Breast pain and the menstrual cycle

Muhammad Usman Babar
4 min readJun 23, 2020


Breast pain is a very common symptom and usually does not imply the presence of disease. How is it related to the menstrual cycle? In this opportunity, we want to detail it.

Mastalgia is defined as breast pain, that is, breast pain. Unfortunately, many women experience it, to a greater extent, during PMS. Menstruation is influenced by a multitude of factors, with a relationship between breast pain and the menstrual cycle.

Often, it is common in young women and, with the onset of menopause, disappears. Around 70% of women have experienced it sometime in life. Learn more about this typical symptom during menstruation.

What is the relationship between breast pain and the menstrual cycle?

The menstrual cycle is nothing more than a process carried out by countless hormones that determine how and when the cycle will take place. Mastalgia turns out to be one of the most typical symptoms in different phases of the menstrual cycle.

It usually appears during the second half of the cycle (after ovulation, known as the luteal phase) and disappears at the beginning of the period. In this period hormonal changes like the following take place:

  • The estrogen usually peaks at ovulation. This is summarized in the growth of the mammary ducts.
  • Progesterone peaks a few days later (Day 21). This causes an enlarged breast lobule, which helps cells prepared for milk production to form.

To understand it better, the hormonal changes that occur during this phase cause inflammation, swelling, and enlargement of the breasts, which is painful on many occasions. Also, if pregnancy is carried out (by keeping progesterone high) they will continue to swell longer.

Biologically, the breasts have a greater number of receptors for these substances, which makes it a hormone-dependent gland. To a large extent, the breasts react more easily to hormones than the rest of the organs in the body.


Breast pain is mostly related to premenstrual syndrome (a week before menstruation) or benign breast changes (for example, fibrocystic breast disease). Although, in general, this is the case, there are risk factors such as those discussed below:

  • Consume diets rich in fat.
  • Too much caffeine, theine, or chocolate.
  • Family history of pain during the cycle.
  • Certain medications (hormones, antidepressants, etc.).
  • Large breast size (increases weight-bearing and may be accompanied by back or neck pain).
  • Having breast pain does not have to be a sign of breast cancer. Only 10% of cases of malignant breast tumors cause mild pain.


There is a difference between breast symptoms related to the menstrual cycle and those that do not develop due to cyclical processes.

Breast pain and the menstrual cycle (cyclical)

Breast symptoms influenced by the menstrual cycle are the most typical cause of breast pain and are known as premenstrual stress syndrome. As already seen in this article, it is caused by hormonal changes that are characterized by the following:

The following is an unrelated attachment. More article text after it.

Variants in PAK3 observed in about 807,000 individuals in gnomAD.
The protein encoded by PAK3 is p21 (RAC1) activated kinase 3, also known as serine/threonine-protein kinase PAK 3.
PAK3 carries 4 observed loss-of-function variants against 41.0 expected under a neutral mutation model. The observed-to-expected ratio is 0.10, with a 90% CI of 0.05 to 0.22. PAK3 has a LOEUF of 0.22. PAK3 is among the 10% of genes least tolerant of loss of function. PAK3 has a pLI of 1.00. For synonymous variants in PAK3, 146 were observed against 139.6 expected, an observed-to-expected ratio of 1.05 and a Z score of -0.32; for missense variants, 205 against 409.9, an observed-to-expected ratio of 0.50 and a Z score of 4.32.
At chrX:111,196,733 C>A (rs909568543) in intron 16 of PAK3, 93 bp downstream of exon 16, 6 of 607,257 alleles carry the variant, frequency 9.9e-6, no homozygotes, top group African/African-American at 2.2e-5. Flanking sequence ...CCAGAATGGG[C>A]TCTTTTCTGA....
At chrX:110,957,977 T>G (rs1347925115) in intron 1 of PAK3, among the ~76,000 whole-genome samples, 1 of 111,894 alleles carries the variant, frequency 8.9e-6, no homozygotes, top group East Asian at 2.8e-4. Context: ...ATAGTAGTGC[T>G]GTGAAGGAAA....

• It affects young people.
  • As a general rule, it does not affect during or after menopause.
  • Homogeneous and bilateral distribution (that is, both breasts hurt and it extends throughout the mammary gland).
  • Swelling or inflammation.
  • Accumulation or retention of liquids in the breasts.
  • The slight increase in size.
  • Turgor (bulging and firm breasts).
  • Continuous pain (which can go from mild to severe) only during one stage of the cycle.
  • To the touch, small lumps or lumps are noticed throughout the breast.
  • Increased intensity of symptoms two weeks before menstruation.
  • The pain after the start of the period disappears.

Noncyclical breast pain

Unlike cyclical pain, other causes can cause breast symptoms. One of them is usually trauma or benign diseases, such as those mentioned in advance. Typical symptoms of atypical sinus pain (not common) include the following:

  • Continuous or intermittent pain, fixed at one point, described as burning, stabbing, or tearing.
  • Inflammation located at a point of the breast.
  • Symptoms do not vary over time or throughout a cycle.
  • It affects, to a greater extent, after menopause.
  • It is usually unilateral (only one breast hurts).

When to consult with a health professional?

In general, any non-cyclical cause is in favor of being studied, and a visit with doctors or gynecologists who assess it is recommended. It is necessary to increase vigilance in case of presenting the symptoms discussed below:

  • Change in the shape, color, or appearance of the breast skin.
  • Secretions or fluid in the breasts.
  • Hormonal alterations.
  • New, unusual, or changing lumps or bumps on the breasts.
  • Age over 40 years without previous mammograms.
  • Pain that does not subside and increases in intensity.
  • Signs of infection (heat, redness, pus, etc.).
  • Pain that interferes with daily activity.

In short, breast pain is associated with the menstrual cycle and the hormonal changes that occur in it. Very rarely does it alert to a serious problem, but it is necessary to be alert, especially if the pain is prolonged and severe.